Kiss the rings, I'm out.
Librarian Girl

Saturday, May 13, 2006

Lost and Found

There are two kinds of people in the library biz. Those who categorize people into two groups and those who don't. Guess which one I am? Just kidding, folks, I'm here all week, thank you!

But seriously, there ARE two kinds of people of the Librarian persuasion. The super messy and the over-orderly. I don't usually talk about my co-workers on this blog because that can get a bit ungraceful, and honeys, I am nothing if not graceful. But in this case, I will make an exception because it's just too illustrative of my point, and besides, I ain't sayin' nothing that my beloved co-worker doesn't know already. So there's this librarian that I know, let's call her Rolanda. Rolanda kicks ass at librarianing, and she does it through a literal sea of books, papers, and miscellaneous items that congregate wherever she is. She never loses anything, or lets the messiness hinder her job performance in any way. I am hard pressed to recall any time that her disarray has had a negative impact on anything or anyone. But no one, even Rolanda herself, could argue that there isn't utter clutter wherever she hangs her hat. Her office is adjacent to mine, and it is like we are bizarro worlds colliding. Her desk is piled high with paper, books, journals, remnants of notes, post-its, you name it. It literally stands at least 2 feet high on her desk, and there is NO space for her to write. She can squeeze in to peck out some stuff on her computer, but that's it. If anything requires more space, she has to move to another table out in the library. And the floorspace in her area is packed tight with book carts full of books that need mending, or processing, or who knows what all. Her chair has wheels on the bottom of its feet, but she doesn't need them because her chair is not going anywhere. All the real estate in her little office space is piled high to the point where she literally cannot be seen from the entryway if she is sitting at her desk.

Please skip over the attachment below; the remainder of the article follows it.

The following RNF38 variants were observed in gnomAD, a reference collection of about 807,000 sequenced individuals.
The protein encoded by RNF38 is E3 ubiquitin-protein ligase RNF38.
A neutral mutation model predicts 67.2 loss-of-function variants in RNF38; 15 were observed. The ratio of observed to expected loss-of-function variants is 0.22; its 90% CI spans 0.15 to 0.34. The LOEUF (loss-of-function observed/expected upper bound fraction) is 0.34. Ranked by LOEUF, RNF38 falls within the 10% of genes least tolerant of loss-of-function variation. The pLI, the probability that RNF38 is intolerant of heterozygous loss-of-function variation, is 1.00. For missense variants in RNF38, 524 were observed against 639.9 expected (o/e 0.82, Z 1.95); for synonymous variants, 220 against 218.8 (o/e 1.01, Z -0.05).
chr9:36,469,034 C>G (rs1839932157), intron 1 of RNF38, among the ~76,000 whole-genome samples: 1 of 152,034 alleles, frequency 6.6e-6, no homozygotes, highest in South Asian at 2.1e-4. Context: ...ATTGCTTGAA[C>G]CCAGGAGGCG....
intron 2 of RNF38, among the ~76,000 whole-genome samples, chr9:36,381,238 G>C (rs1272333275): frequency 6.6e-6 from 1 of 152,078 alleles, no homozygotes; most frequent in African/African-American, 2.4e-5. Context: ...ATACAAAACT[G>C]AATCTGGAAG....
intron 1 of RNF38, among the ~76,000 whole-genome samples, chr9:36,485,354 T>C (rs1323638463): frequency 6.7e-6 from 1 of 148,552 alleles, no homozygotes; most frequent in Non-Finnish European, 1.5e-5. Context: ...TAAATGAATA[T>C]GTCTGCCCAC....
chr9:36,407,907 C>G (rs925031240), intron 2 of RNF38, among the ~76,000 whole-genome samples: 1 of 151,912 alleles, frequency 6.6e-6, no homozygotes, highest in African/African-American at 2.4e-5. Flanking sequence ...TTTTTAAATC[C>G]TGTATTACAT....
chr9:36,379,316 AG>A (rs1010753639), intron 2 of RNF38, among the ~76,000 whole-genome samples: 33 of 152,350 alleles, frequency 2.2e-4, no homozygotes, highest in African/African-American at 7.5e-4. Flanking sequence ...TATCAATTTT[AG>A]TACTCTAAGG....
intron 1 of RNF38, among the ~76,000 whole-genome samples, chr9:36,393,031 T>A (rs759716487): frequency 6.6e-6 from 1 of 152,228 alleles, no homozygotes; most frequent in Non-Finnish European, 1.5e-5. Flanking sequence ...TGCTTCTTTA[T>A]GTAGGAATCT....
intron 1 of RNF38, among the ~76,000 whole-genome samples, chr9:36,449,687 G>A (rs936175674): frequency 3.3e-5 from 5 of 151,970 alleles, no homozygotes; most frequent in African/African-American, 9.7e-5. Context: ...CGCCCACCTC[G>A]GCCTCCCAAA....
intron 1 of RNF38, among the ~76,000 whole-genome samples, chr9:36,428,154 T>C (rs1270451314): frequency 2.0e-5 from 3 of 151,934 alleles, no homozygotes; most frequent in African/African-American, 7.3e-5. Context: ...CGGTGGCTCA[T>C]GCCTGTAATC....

I, on the other hand, have the opposite neurosis. From Rolanda's office, do an immediate left turn and you enter my world. I am embarrassed to admit this, but having clutter that I have created really disturbs me. I am the type of person that has to get myself organized before I can concentrate to work on something. Draw your conclusions about what this says about me, people, but it's just the sincere troof about myself. I like things put away. A place for everything and everything in its place. I am rolling my eyes at myself even as I type this, but that doesn't change the fact. This trait is a handy barometer of how I am feeling that day. If my physical surroundings are messed up, you can be sure that something's amiss with me on the inside.

So currently, I have four piles of books on my desk, miscellaneous reminder notes scattered among them, a dusty computer screen (haaaate that), and no order to my in- and out-boxes. I also have Summer Reading program flyers in my car waiting to be delivered to schools, unopened mail on my dining table at home, no food in my fridge and a pair of heels that I can't find anywhere. How does one lose heels?